Mortality, Might, and Mt. Everest

Published by Brian Hershey on

kellyhui via Compfight cc

kellyhui via Compfight cc

New Zealand mountaineer, Russell Brice, has had his share of mountain top moments. He has reached mountain peaks higher than 8,000 meters (26,247 ft) 14 times, including the famed Mt. Everest twice.russellbrice

And since 1974 he’s been helping other climbers achieve their climbing goals as owner and manager of Himalayan Experience Ltd. Needless to say, fewer people in the world have more expertise on the mountain than Russell.

Yet this is what he says of Mt. Everest:

“I’m not king of the highest mountain on earth. I know this valley more than most white people, but you’re not king of this mountain, man. No one’s king. Only the mountain’s king.”[1]

No doubt it is Russell’s respect for mother nature and his humble submission to the elements that has made his professional career so successful. He knows his place, his role, his lane. He wisely remains subject to that which is greater than he.

I wonder if that the greatest lesson Mt. Everest has to teach us — that we are not as great as we think. That there is something (one) bigger than us.

Historically, particularly since the “Enlightenment”, mankind has tended to think too much of himself. The age of reason led us to abandon belief in God. “We killed him” as Neitzsche infamously wrote in 1882. And in the looming vacuum we assumed his role.

But was this ever our role to hold? Our lane or our place?

Maybe Mt. Everest stands as a monument to our finitude with the dead frozen bodies along the trail a tragic morbid reminder of our own mortality. It has a humbling effect. It demands respect and severely disciplines those who dare to break the rules. Proud men may ascend, but only humble men descend.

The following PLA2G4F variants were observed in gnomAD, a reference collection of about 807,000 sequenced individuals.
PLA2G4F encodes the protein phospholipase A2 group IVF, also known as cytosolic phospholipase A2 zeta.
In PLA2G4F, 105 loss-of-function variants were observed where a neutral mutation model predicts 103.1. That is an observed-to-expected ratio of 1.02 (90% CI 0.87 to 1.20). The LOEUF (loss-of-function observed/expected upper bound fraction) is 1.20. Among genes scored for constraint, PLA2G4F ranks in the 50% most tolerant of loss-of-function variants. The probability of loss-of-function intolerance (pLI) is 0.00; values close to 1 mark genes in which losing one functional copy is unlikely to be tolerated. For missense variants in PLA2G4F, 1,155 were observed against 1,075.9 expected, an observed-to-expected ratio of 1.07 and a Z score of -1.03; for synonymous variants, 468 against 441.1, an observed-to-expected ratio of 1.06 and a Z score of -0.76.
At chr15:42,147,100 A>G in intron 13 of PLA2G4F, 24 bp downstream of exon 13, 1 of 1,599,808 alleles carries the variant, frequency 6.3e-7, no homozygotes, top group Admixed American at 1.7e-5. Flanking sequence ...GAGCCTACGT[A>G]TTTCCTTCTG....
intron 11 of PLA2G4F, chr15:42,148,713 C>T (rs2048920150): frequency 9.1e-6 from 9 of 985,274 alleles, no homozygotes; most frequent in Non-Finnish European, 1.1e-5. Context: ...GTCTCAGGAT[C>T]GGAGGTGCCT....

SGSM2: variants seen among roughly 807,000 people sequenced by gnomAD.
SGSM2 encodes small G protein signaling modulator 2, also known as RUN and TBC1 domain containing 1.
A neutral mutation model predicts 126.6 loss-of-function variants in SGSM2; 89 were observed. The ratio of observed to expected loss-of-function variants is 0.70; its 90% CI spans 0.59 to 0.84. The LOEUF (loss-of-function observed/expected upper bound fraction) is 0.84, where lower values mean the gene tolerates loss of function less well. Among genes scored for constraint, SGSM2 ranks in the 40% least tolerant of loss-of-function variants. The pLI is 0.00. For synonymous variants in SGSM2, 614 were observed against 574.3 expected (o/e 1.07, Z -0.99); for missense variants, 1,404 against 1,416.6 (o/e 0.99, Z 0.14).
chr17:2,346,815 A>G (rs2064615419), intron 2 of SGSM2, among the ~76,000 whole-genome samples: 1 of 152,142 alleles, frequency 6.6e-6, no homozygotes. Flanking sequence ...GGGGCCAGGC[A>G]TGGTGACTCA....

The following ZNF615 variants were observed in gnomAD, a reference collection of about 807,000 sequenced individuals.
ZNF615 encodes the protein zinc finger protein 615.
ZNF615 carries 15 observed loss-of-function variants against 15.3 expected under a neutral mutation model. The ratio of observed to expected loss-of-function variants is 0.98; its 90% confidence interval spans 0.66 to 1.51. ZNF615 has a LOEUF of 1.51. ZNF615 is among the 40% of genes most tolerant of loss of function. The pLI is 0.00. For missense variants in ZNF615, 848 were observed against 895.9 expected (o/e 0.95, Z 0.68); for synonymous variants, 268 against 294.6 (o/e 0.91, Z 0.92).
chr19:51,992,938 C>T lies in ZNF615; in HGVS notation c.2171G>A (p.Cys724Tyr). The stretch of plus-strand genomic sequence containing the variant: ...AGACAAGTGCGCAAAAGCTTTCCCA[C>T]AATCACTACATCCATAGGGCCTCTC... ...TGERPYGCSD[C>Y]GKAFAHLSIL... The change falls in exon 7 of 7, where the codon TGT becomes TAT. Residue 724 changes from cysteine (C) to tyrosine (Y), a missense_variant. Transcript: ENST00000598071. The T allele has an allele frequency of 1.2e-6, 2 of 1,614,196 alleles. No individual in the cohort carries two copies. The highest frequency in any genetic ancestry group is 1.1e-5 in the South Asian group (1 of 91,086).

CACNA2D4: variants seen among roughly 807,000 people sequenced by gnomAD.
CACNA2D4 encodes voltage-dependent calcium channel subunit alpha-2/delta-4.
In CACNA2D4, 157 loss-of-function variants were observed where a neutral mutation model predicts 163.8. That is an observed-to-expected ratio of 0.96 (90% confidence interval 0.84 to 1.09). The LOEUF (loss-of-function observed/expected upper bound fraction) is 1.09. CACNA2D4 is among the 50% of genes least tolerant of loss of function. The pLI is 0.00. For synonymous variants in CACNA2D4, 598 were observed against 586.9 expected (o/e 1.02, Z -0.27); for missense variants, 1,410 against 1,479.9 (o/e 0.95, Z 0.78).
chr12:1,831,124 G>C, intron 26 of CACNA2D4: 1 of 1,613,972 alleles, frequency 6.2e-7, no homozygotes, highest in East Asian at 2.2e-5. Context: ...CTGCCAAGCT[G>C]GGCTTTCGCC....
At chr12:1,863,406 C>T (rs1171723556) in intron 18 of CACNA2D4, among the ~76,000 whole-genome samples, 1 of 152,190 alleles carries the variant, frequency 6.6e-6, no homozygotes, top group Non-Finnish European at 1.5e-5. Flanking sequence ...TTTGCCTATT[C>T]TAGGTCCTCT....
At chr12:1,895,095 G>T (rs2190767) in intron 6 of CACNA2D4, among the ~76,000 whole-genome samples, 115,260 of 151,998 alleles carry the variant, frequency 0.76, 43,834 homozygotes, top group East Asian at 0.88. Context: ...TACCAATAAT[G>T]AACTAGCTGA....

Maybe that’s why pain and suffering are a part of life.

A paralyzing accident. Cancer. A grim health diagnosis.

It all seems senseless. Pointless. An expensive interruption.

But perhaps these inexplicable events are there to remind us that we are not our own kings. That there is another King, one mightier and more powerful than us. Maybe they are there to snap us back to reality, to humble us.

It was a lesson Job had to learn. David too – more than once. Even Peter needed a few reminders.

Paul says one day

            “every knee will bow…and tongue confess” (Phil. 2:10-11)

that Jesus, God’s appointed Savior, is Lord. He is King.

James, referencing Solomon, says

“God opposes the proud.” (4:6a)

So let us heed these foreboding warnings from wise men of old. Or, if we think them mistaken, then let us at least note well nature’s sublime message given to us through creation. Submit yourself to God and to his will. Dare not to break his rules. For severe discipline awaits those who proudly resist the King.

“You’re not king of this mountain, man. No one’s king. Only the mountain’s king.”

            [1] Brice, Russell R., Phurba Tashi Sherpa, and Rod Baber. Everest: Beyond the Limit. DVD. Directed by Barny Reville and Ed Wardle. Silver Spring, MD: Discovery Communications, Inc., 2006.

Brian Hershey

Brian Hershey currently serves as the Campus Life Military Senior Advisor for the Greater Omaha Youth For Christ chapter in Omaha, NE. He holds an undergraduate degree in education, a Masters in Theology from Dallas Seminary, and 20 years of youth ministry experience. He and his wife, Bonnie, have been serving military teens and families since 2001 in Bad Aibiling, Wurzburg, Heidelberg, Garmisch-Partenkirchen, and Kaiserslautern, Germany as well as Naples, Italy.


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